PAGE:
In the fall of 2015, I looked across the room in OSU’s Morandi Hall and saw this stranger tackling the densest block of hardwood I’ve ever seen. With a few basic hand tools and a couple of weeks, she coaxed it into the shape of the cosmic Van Allen radiation belt. The artist was Caroline Moses, and in the year and a half since, I’ve been fortunate enough to watch her work evolve up close. An artist of frightening dedication, Moses regularly transmutes a truly unique and unfettered perspective into works that are not only physically beautiful, but intensely personal. To a rather stunning degree, she achieves in her artwork an honesty that lives and breathes loudly on the surface, yet doesn’t spoon-feed or force a specific engagement.
“I want the work itself to ask questions of people, so a conversation can start,” said Moses, who in her current body of work is focusing on narratives related to obsessive-compulsive disorder. Though art dedicated to oft-marginalized topics can be overtly activist, that’s not the case here.
“It’s meant to nurture,” she added.
This nurturing extends not just to the viewer, but to the artist. Moses explained that where traditional therapy has failed, her practice has succeeded. I myself have found her work therapeutic for my own reasons, many of which highlight the importance of process. Her Instagram feed has provided a constant stream of hypnotic video loops, detailing small aspects of her tedious creations. Hundreds of wooden triangles being dropped rhythmically into a box, glue being methodically slicked across a surface like waves washing onto the beach. Mosaics constructed square by square. Process is a major part of art-making in general, but in Moses’ case it is nearly all-encompassing.
“The repetition is therapeutic for me. But it’s not just about that anymore. Cutting, placing, and painting all by hand, all in a particular order, has value to me. I could use a jig to cut each piece to match the last identically, but it feels more authentic when I’m addressing mental health and OCD specifically that each piece has its own character that mirrors compulsive behavior that is never exactly the same. So, after I make each individual piece by hand, I find myself finding my favorites among them and a sense of pride for the labor of the work. And when the project is finished I have something I find beautiful because of its imperfections,” she explained.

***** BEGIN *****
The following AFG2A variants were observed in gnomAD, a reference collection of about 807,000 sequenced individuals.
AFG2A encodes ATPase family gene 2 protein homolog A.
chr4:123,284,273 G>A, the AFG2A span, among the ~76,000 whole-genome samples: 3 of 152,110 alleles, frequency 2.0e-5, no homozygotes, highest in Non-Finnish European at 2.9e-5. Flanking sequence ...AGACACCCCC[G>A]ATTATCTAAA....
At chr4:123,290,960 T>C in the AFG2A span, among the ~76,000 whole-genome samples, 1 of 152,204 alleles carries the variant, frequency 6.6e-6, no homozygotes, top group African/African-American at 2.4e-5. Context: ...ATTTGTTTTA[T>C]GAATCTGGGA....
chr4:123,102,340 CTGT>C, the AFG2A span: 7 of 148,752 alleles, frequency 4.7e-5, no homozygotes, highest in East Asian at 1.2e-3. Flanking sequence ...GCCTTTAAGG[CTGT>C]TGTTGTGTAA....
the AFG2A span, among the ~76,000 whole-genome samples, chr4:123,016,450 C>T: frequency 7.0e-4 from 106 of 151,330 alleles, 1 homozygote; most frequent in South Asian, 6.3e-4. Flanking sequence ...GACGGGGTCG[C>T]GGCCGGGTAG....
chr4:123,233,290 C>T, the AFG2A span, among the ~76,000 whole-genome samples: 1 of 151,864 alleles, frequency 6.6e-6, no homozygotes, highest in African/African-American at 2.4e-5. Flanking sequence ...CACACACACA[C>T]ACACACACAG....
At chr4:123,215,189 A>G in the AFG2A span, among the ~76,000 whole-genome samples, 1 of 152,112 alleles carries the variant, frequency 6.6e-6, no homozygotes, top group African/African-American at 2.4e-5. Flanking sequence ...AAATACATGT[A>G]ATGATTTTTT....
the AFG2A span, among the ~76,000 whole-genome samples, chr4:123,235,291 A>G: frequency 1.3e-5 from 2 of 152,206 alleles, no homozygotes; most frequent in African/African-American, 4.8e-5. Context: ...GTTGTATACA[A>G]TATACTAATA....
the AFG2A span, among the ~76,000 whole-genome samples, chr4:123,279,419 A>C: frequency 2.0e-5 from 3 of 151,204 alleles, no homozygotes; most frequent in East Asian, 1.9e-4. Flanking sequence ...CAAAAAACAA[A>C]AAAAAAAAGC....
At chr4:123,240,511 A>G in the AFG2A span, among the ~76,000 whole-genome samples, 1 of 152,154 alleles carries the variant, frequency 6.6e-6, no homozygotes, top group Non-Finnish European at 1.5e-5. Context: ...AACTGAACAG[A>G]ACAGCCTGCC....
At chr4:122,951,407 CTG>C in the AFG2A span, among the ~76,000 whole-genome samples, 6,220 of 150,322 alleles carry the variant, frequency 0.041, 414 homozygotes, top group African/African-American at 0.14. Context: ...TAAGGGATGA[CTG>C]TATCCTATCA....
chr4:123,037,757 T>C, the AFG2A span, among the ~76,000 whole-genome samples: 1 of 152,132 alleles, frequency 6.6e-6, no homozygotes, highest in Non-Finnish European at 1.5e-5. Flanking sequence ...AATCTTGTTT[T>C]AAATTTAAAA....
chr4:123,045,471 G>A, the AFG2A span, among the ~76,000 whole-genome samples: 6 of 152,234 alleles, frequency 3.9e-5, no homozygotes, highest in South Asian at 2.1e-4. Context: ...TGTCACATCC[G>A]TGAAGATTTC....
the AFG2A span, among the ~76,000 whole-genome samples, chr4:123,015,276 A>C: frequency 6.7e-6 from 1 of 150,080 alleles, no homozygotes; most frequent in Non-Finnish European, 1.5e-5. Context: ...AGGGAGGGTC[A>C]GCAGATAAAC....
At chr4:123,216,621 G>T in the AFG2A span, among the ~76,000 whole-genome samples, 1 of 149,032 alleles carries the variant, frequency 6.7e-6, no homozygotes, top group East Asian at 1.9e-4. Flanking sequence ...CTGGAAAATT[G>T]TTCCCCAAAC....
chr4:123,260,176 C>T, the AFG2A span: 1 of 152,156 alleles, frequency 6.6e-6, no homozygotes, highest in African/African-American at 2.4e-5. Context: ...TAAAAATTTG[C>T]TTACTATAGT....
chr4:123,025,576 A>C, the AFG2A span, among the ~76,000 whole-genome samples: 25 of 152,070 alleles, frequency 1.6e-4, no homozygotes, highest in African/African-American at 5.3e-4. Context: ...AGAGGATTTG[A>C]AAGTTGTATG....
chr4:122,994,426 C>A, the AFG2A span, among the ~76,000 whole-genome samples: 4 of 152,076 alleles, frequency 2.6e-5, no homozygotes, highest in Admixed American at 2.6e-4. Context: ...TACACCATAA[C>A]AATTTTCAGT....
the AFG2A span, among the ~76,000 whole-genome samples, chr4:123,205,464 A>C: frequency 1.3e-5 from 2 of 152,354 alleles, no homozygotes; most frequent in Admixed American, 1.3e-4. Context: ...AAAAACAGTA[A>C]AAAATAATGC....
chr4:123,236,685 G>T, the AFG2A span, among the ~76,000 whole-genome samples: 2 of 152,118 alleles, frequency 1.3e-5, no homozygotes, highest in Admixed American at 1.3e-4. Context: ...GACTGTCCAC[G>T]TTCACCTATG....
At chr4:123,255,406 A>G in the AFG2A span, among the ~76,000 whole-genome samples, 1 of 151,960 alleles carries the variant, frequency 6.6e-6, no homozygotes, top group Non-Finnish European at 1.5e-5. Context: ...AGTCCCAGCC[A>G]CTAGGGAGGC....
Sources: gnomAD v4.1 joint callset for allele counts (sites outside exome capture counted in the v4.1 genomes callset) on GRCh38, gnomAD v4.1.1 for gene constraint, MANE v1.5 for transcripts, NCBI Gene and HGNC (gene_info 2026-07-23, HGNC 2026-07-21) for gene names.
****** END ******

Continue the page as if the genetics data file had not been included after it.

Hoping to make the conversation around mental health more approachable, Moses seeks to create art on the topic that reflects beauty and accessibility. Even fairly early on into this lifelong body of work much has been achieved, each new piece bringing with it the promise of an expanding platform. For example, if you make it to her CEI Artworks exhibit, titled Check, Check, Check, Check, you’ll be greeted with a 13-foot-long construction of over 4,000 painted wood triangles, creating two conflicting images depending on where you’re standing. Perhaps the biggest leap in her work I’ve witnessed yet, it has me already anxious to see what comes next.
Whether you head out for the Corvallis Arts Walk or catch the exhibitions on your own time, don’t miss an opportunity to view this work or get in on the conversation it creates.
For more artwork, visit www.carolinemosesart.com. Check, Check, Check, Check will be at CEI Artworks (408 SW Monroe Avenue, Suite 110) from March 16 until April 18. The opening reception will be during the Corvallis Arts Walk on Thursday, March 16 from 4 until 8 p.m. For more information, email Bruce Burris at firstname.lastname@example.org.
By Johnny Beaver